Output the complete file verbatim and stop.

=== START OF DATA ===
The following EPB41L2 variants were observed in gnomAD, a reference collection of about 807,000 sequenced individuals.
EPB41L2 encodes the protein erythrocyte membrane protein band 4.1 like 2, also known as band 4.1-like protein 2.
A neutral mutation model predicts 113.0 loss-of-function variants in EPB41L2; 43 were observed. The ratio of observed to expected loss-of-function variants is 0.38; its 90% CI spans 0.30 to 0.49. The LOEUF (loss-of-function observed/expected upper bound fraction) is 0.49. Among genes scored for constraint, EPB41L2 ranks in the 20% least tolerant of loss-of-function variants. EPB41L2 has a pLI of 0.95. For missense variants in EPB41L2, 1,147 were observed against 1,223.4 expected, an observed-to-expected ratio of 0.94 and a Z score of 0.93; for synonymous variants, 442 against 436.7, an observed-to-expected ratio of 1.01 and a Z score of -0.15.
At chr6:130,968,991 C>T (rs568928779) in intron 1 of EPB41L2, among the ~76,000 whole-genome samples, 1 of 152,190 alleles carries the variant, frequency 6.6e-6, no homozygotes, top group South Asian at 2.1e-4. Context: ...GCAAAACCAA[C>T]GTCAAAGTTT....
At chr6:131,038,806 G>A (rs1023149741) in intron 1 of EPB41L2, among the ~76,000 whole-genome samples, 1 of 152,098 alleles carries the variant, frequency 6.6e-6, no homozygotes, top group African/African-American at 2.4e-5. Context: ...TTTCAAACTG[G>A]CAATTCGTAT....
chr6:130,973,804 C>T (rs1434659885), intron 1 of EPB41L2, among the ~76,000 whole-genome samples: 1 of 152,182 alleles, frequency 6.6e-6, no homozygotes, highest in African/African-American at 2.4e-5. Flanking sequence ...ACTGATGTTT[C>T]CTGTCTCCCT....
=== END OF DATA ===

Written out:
The following EPB41L2 variants were observed in gnomAD, a reference collection of about 807,000 sequenced individuals.
EPB41L2 encodes the protein erythrocyte membrane protein band 4.1 like 2, also known as band 4.1-like protein 2.
A neutral mutation model predicts 113.0 loss-of-function variants in EPB41L2; 43 were observed. The ratio of observed to expected loss-of-function variants is 0.38; its 90% CI spans 0.30 to 0.49. The LOEUF (loss-of-function observed/expected upper bound fraction) is 0.49. Among genes scored for constraint, EPB41L2 ranks in the 20% least tolerant of loss-of-function variants. EPB41L2 has a pLI of 0.95. For missense variants in EPB41L2, 1,147 were observed against 1,223.4 expected, an observed-to-expected ratio of 0.94 and a Z score of 0.93; for synonymous variants, 442 against 436.7, an observed-to-expected ratio of 1.01 and a Z score of -0.15.
At chr6:130,968,991 C>T (rs568928779) in intron 1 of EPB41L2, among the ~76,000 whole-genome samples, 1 of 152,190 alleles carries the variant, frequency 6.6e-6, no homozygotes, top group South Asian at 2.1e-4. Context: ...GCAAAACCAA[C>T]GTCAAAGTTT....
At chr6:131,038,806 G>A (rs1023149741) in intron 1 of EPB41L2, among the ~76,000 whole-genome samples, 1 of 152,098 alleles carries the variant, frequency 6.6e-6, no homozygotes, top group African/African-American at 2.4e-5. Context: ...TTTCAAACTG[G>A]CAATTCGTAT....
chr6:130,973,804 C>T (rs1434659885), intron 1 of EPB41L2, among the ~76,000 whole-genome samples: 1 of 152,182 alleles, frequency 6.6e-6, no homozygotes, highest in African/African-American at 2.4e-5. Flanking sequence ...ACTGATGTTT[C>T]CTGTCTCCCT....